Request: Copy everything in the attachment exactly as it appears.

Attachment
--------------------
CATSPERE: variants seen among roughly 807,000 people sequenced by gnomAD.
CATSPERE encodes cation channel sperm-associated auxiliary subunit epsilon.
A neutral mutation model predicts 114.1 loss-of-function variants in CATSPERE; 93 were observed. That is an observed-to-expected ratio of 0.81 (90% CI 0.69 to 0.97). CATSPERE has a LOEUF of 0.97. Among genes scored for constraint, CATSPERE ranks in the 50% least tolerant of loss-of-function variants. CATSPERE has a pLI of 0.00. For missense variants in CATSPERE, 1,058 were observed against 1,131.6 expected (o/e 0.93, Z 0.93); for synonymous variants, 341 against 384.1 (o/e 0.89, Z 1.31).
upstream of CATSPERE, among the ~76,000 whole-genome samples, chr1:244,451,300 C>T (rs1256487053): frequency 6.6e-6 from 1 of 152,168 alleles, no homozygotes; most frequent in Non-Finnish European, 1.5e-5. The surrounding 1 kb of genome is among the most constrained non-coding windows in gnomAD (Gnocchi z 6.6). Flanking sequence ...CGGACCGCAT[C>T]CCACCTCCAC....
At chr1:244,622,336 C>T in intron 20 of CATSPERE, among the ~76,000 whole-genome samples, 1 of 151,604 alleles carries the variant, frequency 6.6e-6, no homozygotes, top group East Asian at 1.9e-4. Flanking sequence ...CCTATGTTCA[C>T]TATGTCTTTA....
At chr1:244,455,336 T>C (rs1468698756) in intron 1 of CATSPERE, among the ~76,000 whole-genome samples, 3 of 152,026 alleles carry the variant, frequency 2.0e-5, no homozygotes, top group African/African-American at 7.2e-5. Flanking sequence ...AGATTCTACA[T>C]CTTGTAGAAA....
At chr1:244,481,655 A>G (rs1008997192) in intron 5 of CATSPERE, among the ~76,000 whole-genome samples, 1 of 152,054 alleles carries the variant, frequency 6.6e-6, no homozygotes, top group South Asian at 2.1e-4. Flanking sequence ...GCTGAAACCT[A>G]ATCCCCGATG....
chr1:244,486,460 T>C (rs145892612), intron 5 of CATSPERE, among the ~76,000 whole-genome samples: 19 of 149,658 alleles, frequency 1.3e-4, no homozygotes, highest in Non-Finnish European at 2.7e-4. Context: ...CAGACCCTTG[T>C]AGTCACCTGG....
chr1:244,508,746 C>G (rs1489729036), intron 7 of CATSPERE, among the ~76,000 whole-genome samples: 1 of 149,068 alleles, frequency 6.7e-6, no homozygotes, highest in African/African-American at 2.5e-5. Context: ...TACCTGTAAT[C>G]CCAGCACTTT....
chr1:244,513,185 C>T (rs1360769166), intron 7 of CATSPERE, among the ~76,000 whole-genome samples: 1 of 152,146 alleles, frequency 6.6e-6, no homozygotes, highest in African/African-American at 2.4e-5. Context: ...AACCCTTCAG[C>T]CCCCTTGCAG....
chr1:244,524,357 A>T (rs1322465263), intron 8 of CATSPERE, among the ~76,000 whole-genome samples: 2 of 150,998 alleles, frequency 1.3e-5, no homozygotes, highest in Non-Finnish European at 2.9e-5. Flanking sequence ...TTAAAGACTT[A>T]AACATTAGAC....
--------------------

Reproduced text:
CATSPERE: variants seen among roughly 807,000 people sequenced by gnomAD.
CATSPERE encodes cation channel sperm-associated auxiliary subunit epsilon.
A neutral mutation model predicts 114.1 loss-of-function variants in CATSPERE; 93 were observed. That is an observed-to-expected ratio of 0.81 (90% CI 0.69 to 0.97). CATSPERE has a LOEUF of 0.97. Among genes scored for constraint, CATSPERE ranks in the 50% least tolerant of loss-of-function variants. CATSPERE has a pLI of 0.00. For missense variants in CATSPERE, 1,058 were observed against 1,131.6 expected (o/e 0.93, Z 0.93); for synonymous variants, 341 against 384.1 (o/e 0.89, Z 1.31).
upstream of CATSPERE, among the ~76,000 whole-genome samples, chr1:244,451,300 C>T (rs1256487053): frequency 6.6e-6 from 1 of 152,168 alleles, no homozygotes; most frequent in Non-Finnish European, 1.5e-5. The surrounding 1 kb of genome is among the most constrained non-coding windows in gnomAD (Gnocchi z 6.6). Flanking sequence ...CGGACCGCAT[C>T]CCACCTCCAC....
At chr1:244,622,336 C>T in intron 20 of CATSPERE, among the ~76,000 whole-genome samples, 1 of 151,604 alleles carries the variant, frequency 6.6e-6, no homozygotes, top group East Asian at 1.9e-4. Flanking sequence ...CCTATGTTCA[C>T]TATGTCTTTA....
At chr1:244,455,336 T>C (rs1468698756) in intron 1 of CATSPERE, among the ~76,000 whole-genome samples, 3 of 152,026 alleles carry the variant, frequency 2.0e-5, no homozygotes, top group African/African-American at 7.2e-5. Flanking sequence ...AGATTCTACA[T>C]CTTGTAGAAA....
At chr1:244,481,655 A>G (rs1008997192) in intron 5 of CATSPERE, among the ~76,000 whole-genome samples, 1 of 152,054 alleles carries the variant, frequency 6.6e-6, no homozygotes, top group South Asian at 2.1e-4. Flanking sequence ...GCTGAAACCT[A>G]ATCCCCGATG....
chr1:244,486,460 T>C (rs145892612), intron 5 of CATSPERE, among the ~76,000 whole-genome samples: 19 of 149,658 alleles, frequency 1.3e-4, no homozygotes, highest in Non-Finnish European at 2.7e-4. Context: ...CAGACCCTTG[T>C]AGTCACCTGG....
chr1:244,508,746 C>G (rs1489729036), intron 7 of CATSPERE, among the ~76,000 whole-genome samples: 1 of 149,068 alleles, frequency 6.7e-6, no homozygotes, highest in African/African-American at 2.5e-5. Context: ...TACCTGTAAT[C>G]CCAGCACTTT....
chr1:244,513,185 C>T (rs1360769166), intron 7 of CATSPERE, among the ~76,000 whole-genome samples: 1 of 152,146 alleles, frequency 6.6e-6, no homozygotes, highest in African/African-American at 2.4e-5. Context: ...AACCCTTCAG[C>T]CCCCTTGCAG....
chr1:244,524,357 A>T (rs1322465263), intron 8 of CATSPERE, among the ~76,000 whole-genome samples: 2 of 150,998 alleles, frequency 1.3e-5, no homozygotes, highest in Non-Finnish European at 2.9e-5. Flanking sequence ...TTAAAGACTT[A>T]AACATTAGAC....